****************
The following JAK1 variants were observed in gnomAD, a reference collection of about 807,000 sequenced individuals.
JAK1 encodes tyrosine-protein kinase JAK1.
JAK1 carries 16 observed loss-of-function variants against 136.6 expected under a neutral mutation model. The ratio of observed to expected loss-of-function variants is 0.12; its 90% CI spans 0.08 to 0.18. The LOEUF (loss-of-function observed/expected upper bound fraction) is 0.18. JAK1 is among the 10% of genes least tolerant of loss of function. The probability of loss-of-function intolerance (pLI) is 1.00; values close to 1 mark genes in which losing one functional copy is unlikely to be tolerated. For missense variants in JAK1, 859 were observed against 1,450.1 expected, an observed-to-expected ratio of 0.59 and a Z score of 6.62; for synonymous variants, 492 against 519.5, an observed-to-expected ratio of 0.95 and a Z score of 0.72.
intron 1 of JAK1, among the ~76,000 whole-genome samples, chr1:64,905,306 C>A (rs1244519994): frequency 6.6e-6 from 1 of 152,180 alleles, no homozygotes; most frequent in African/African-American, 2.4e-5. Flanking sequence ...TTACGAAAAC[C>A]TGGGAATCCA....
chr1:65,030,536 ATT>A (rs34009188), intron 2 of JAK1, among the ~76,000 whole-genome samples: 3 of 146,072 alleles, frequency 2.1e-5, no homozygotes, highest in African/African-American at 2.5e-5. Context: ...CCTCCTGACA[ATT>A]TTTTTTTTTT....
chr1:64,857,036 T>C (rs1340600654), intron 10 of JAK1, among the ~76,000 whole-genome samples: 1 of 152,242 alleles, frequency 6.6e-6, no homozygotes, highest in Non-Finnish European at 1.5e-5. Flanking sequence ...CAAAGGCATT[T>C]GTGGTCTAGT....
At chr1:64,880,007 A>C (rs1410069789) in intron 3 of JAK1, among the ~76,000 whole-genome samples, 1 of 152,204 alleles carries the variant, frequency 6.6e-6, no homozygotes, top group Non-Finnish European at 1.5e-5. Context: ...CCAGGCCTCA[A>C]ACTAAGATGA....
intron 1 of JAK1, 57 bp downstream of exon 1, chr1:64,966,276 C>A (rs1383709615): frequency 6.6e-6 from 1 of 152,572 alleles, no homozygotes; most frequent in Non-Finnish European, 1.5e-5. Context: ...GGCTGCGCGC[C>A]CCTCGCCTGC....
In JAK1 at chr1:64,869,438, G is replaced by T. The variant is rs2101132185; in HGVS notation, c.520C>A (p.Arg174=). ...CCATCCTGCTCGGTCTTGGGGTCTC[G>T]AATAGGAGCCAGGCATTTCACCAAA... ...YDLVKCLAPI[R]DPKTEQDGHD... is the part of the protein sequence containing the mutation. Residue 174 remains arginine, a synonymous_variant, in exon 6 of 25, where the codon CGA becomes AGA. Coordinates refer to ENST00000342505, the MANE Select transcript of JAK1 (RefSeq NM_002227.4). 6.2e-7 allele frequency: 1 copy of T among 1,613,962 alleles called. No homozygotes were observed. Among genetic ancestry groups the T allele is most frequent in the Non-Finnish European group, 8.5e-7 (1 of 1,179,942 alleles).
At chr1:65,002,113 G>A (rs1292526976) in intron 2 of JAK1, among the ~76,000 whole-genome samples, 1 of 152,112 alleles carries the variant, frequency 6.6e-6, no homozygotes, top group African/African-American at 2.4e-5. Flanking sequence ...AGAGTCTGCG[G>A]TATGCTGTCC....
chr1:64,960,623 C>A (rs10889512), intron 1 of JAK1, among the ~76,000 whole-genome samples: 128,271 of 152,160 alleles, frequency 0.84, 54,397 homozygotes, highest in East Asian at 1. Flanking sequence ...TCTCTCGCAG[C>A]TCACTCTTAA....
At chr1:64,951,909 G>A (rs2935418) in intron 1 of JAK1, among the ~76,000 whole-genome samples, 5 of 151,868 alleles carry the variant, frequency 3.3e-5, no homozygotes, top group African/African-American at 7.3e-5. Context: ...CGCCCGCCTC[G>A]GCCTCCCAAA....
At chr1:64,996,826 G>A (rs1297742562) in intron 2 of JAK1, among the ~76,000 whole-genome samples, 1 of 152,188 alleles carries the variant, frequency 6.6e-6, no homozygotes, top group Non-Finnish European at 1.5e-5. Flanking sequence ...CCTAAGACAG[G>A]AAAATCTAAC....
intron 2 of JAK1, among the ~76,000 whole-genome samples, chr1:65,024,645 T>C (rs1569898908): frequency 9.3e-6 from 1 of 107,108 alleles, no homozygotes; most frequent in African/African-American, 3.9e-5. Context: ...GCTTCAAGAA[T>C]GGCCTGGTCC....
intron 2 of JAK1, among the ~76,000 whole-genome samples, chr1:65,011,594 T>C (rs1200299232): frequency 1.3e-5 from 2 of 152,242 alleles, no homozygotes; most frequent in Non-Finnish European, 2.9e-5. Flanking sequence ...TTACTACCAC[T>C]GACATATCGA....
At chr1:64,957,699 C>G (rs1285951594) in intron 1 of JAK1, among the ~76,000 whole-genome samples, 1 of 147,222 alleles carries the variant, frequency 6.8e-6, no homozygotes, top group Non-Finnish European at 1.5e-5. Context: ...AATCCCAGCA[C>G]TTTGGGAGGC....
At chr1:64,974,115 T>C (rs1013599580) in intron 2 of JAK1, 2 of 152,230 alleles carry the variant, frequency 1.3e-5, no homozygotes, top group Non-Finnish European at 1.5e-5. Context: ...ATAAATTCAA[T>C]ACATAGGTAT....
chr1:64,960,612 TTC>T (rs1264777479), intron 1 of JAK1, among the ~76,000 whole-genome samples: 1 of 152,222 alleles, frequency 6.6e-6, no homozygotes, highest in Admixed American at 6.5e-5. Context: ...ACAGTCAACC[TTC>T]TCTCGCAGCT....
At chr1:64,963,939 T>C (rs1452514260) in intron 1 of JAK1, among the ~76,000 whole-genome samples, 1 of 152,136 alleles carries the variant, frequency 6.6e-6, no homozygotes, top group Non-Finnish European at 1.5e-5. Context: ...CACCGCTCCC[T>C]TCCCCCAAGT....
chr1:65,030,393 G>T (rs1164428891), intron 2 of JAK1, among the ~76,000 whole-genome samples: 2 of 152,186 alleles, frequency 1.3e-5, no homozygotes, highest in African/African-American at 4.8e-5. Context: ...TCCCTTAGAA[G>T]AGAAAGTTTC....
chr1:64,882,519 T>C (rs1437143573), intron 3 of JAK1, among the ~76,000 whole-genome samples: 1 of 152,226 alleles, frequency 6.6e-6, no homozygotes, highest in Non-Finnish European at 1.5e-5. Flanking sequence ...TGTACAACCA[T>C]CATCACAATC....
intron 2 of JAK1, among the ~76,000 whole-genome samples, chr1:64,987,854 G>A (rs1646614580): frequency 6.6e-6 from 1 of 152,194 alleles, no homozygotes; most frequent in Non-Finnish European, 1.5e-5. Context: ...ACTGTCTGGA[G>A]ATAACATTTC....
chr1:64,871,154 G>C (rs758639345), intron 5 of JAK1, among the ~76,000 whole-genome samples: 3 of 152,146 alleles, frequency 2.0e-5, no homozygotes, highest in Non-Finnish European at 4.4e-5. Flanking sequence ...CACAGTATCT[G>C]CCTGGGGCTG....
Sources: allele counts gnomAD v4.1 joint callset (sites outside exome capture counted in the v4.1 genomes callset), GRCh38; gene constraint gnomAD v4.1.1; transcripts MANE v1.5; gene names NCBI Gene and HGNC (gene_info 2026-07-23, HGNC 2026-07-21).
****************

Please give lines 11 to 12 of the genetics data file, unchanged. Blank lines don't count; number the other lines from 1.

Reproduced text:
chr1:64,960,623 C>A (rs10889512), intron 1 of JAK1, among the ~76,000 whole-genome samples: 128,271 of 152,160 alleles, frequency 0.84, 54,397 homozygotes, highest in East Asian at 1. Flanking sequence ...TCTCTCGCAG[C>A]TCACTCTTAA....
At chr1:64,951,909 G>A (rs2935418) in intron 1 of JAK1, among the ~76,000 whole-genome samples, 5 of 151,868 alleles carry the variant, frequency 3.3e-5, no homozygotes, top group African/African-American at 7.3e-5. Context: ...CGCCCGCCTC[G>A]GCCTCCCAAA....